As households across the country threaten to refuse to pay soaring energy bills, Liz Truss, the new Conservative leader, responded over the weekend to criticism of her planned tax cuts by arguing that her vision was the best solution to the crisis engulfing the country.
“To look at everything through the lens of redistribution I believe is wrong because what I’m about is about growing the economy and growing the economy benefits everybody,” she told the BBC’s Laura Kuenssberg. “The economic debate for the past 20 years has been dominated by discussions about distribution.”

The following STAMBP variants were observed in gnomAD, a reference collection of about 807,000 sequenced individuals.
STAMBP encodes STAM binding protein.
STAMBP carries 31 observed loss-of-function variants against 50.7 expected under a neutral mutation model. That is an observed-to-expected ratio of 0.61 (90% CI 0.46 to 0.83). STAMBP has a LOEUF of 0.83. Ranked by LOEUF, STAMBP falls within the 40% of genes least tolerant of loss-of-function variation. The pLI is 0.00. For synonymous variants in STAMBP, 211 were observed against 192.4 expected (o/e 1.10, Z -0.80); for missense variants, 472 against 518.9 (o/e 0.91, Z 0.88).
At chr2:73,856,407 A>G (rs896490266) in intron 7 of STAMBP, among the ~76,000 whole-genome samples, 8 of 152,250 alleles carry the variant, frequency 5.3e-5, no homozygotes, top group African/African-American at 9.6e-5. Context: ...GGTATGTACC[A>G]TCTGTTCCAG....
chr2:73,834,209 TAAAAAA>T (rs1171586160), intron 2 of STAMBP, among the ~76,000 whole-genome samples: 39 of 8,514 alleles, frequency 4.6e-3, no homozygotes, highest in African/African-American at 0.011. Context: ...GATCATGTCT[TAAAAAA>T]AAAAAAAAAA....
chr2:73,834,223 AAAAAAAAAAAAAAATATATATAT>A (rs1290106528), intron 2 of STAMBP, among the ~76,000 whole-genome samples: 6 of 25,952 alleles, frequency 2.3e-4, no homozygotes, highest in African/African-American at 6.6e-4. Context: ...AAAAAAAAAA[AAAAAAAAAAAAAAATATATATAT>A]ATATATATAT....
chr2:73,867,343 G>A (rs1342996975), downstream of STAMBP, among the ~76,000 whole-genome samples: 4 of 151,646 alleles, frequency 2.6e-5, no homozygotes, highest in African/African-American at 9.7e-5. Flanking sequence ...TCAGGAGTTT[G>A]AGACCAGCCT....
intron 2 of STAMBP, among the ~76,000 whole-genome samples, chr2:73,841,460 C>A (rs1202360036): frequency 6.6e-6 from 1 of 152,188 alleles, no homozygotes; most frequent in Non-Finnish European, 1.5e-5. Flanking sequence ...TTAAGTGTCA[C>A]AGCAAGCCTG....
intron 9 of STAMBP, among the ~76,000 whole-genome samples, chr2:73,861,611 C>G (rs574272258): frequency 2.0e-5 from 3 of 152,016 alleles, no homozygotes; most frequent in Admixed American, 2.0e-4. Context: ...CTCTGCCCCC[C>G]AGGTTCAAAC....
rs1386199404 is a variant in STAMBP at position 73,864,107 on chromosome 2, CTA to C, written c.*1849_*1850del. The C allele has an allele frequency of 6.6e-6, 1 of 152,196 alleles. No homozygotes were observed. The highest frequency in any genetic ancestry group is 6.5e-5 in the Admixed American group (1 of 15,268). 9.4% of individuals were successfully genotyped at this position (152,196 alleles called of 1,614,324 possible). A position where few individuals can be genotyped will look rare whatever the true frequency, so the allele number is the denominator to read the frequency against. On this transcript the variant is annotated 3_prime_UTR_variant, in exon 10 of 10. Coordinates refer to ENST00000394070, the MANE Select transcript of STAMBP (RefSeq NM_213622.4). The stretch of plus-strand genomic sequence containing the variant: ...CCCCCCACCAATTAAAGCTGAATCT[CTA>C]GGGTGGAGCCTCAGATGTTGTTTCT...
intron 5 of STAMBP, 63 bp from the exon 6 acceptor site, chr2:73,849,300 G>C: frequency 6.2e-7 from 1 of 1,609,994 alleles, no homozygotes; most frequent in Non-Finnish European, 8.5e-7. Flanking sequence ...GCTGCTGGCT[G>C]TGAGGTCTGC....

But recent data on income inequality shows the impact of limited redistribution. The UK continues to have the second-highest rate of inequality in the G7, behind only the US, according to statistics published by the OECD.
Truss was responding to a study conducted by the Institute of Fiscal Studies (IFS), which detailed how her plans to reverse the government’s National Insurance increase would disproportionately benefit higher-income households. The latter would gain £1,800 a year from the move while the poorest would gain just £7.66.
The planned tax cut would cost approximately £13bn per year and while it might spur growth by allowing workers to earn more, it would “not be nearly sufficient to make the reform pay for itself”, the IFS said.